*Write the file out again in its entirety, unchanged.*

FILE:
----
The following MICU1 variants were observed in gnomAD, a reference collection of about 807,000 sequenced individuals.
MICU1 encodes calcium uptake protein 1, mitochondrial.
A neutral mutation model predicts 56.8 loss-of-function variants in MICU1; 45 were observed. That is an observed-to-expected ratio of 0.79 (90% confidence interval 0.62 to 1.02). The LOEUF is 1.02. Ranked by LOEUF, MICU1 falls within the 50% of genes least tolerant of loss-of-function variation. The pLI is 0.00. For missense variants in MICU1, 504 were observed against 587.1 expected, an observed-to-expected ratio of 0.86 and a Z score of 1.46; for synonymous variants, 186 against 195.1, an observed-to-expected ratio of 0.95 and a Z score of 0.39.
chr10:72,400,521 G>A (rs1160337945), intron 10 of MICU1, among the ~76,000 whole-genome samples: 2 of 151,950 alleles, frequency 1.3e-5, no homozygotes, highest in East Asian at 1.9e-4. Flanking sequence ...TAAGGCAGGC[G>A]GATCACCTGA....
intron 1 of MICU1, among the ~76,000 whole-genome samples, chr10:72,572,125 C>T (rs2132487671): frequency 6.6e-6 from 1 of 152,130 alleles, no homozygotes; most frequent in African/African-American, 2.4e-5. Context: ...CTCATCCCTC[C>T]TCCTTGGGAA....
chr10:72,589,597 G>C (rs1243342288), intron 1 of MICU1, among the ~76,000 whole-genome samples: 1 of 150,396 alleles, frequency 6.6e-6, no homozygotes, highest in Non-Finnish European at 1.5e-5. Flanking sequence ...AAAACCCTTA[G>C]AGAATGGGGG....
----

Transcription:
The following MICU1 variants were observed in gnomAD, a reference collection of about 807,000 sequenced individuals.
MICU1 encodes calcium uptake protein 1, mitochondrial.
A neutral mutation model predicts 56.8 loss-of-function variants in MICU1; 45 were observed. That is an observed-to-expected ratio of 0.79 (90% confidence interval 0.62 to 1.02). The LOEUF is 1.02. Ranked by LOEUF, MICU1 falls within the 50% of genes least tolerant of loss-of-function variation. The pLI is 0.00. For missense variants in MICU1, 504 were observed against 587.1 expected, an observed-to-expected ratio of 0.86 and a Z score of 1.46; for synonymous variants, 186 against 195.1, an observed-to-expected ratio of 0.95 and a Z score of 0.39.
chr10:72,400,521 G>A (rs1160337945), intron 10 of MICU1, among the ~76,000 whole-genome samples: 2 of 151,950 alleles, frequency 1.3e-5, no homozygotes, highest in East Asian at 1.9e-4. Flanking sequence ...TAAGGCAGGC[G>A]GATCACCTGA....
intron 1 of MICU1, among the ~76,000 whole-genome samples, chr10:72,572,125 C>T (rs2132487671): frequency 6.6e-6 from 1 of 152,130 alleles, no homozygotes; most frequent in African/African-American, 2.4e-5. Context: ...CTCATCCCTC[C>T]TCCTTGGGAA....
chr10:72,589,597 G>C (rs1243342288), intron 1 of MICU1, among the ~76,000 whole-genome samples: 1 of 150,396 alleles, frequency 6.6e-6, no homozygotes, highest in Non-Finnish European at 1.5e-5. Flanking sequence ...AAAACCCTTA[G>C]AGAATGGGGG....